1 denote the first zero-sample. Following the 1-to-0 transition, the receiver samples the
RXD pin at samples 8, 9 and 10. If two or more of these three samples are found to be
logical “1”s, the start bit is rejected as a noise spike and the receiver starts looking for
the next 1-to-0 transition.
If however, a valid start bit is detected, sampling of the data bits following the start bit is
performed. These bits are also sampled at samples 8, 9 and 10. The logical value found
in at least two of the three samples is taken as the bit value. All bits are shifted into the
Transmitter Shift register as they are sampled. Sampling of an incoming character is
shown in Figure 43.
Figure 43. Sampling Received Data
When the stop bit enters the receiver, the majority of the three samples must be one to
accept the stop bit. If two or more samples are logical “0”s, the Framing Error (FE) flag in
the UART Status Register (USR) is set. Before reading the UDR register, the user
should always check the FE bit to detect framing errors.
Whether or not a valid stop bit is detected at the end of a character reception cycle, the
data is transferred to UDR and the RXC flag in USR is set. UDR is in fact two physically
separate registers, one for transmitted data and one for received data. When UDR is
read, the Receive Data register is accessed and when UDR is written, the Transmit
Data register is accessed. If 9-bit data word is selected (the CHR9 bit in the UART Con-
trol Register, UCR is set), the RXB8 bit in UCR is loaded with bit 9 in the Transmit Shift
register when data is transferred to UDR.
If, after having received a character, the UDR register has not been read since the last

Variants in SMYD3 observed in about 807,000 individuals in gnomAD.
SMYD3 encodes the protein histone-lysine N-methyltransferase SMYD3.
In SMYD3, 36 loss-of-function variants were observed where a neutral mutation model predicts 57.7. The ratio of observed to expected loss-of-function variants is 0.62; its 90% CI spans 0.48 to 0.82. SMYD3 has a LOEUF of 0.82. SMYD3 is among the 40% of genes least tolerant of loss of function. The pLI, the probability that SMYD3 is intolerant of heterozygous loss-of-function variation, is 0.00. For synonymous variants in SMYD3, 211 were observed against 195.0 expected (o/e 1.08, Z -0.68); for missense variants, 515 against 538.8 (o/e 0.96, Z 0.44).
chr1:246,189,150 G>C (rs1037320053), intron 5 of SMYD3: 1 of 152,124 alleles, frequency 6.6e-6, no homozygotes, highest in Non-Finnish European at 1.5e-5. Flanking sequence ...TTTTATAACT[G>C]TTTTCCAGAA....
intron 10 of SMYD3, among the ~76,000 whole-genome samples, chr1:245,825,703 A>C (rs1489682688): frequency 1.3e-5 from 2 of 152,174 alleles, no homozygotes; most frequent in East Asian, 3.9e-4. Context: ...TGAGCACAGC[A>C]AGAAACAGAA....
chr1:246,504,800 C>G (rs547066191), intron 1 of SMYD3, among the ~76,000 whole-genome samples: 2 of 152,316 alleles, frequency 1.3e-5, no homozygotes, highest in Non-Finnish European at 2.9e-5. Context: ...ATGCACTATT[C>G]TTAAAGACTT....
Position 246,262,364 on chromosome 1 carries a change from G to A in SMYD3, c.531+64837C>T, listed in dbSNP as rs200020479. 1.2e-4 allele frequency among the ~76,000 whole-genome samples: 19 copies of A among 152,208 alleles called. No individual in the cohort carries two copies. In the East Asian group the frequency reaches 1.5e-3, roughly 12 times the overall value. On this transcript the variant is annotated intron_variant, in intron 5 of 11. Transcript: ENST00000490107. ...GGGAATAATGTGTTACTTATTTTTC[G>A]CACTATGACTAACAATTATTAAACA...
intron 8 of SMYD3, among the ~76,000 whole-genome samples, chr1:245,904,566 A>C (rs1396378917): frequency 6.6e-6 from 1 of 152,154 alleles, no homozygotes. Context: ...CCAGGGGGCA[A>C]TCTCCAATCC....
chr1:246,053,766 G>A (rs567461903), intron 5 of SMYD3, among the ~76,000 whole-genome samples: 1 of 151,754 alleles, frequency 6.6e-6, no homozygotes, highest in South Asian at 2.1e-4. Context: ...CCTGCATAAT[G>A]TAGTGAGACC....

receive, the OverRun (OR) flag in UCR is set. This means that the last data byte shifted
into the shift register could not be transferred to UDR and has been lost. The OR bit is
buffered and is updated when the valid data byte in UDR is read. Thus, the user should
always check the OR bit after reading the UDR register in order to detect any overruns if
the baud rate is high or CPU load is high.
When the RXEN bit in the UCR register is cleared (zero), the receiver is disabled. This
means that the PD0 pin can be used as a general I/O pin. When RXEN is set, the UART
Receiver will be connected to PD0, which is forced to be an input pin regardless of the
setting of the DDD0 bit in DDRD. When PD0 is forced to input by the UART, the
PORTD0 bit can still be used to control the pull-up resistor on the pin.
When the CHR9 bit in the UCR register is set, transmitted and received characters are
9 bits long, plus start and stop bits. The ninth data bit to be transmitted is the TXB8 bit in
UCR register. This bit must be set to the wanted value before a transmission is initiated
by writing to the UDR register. The ninth data bit received is the RXB8 bit in the UCR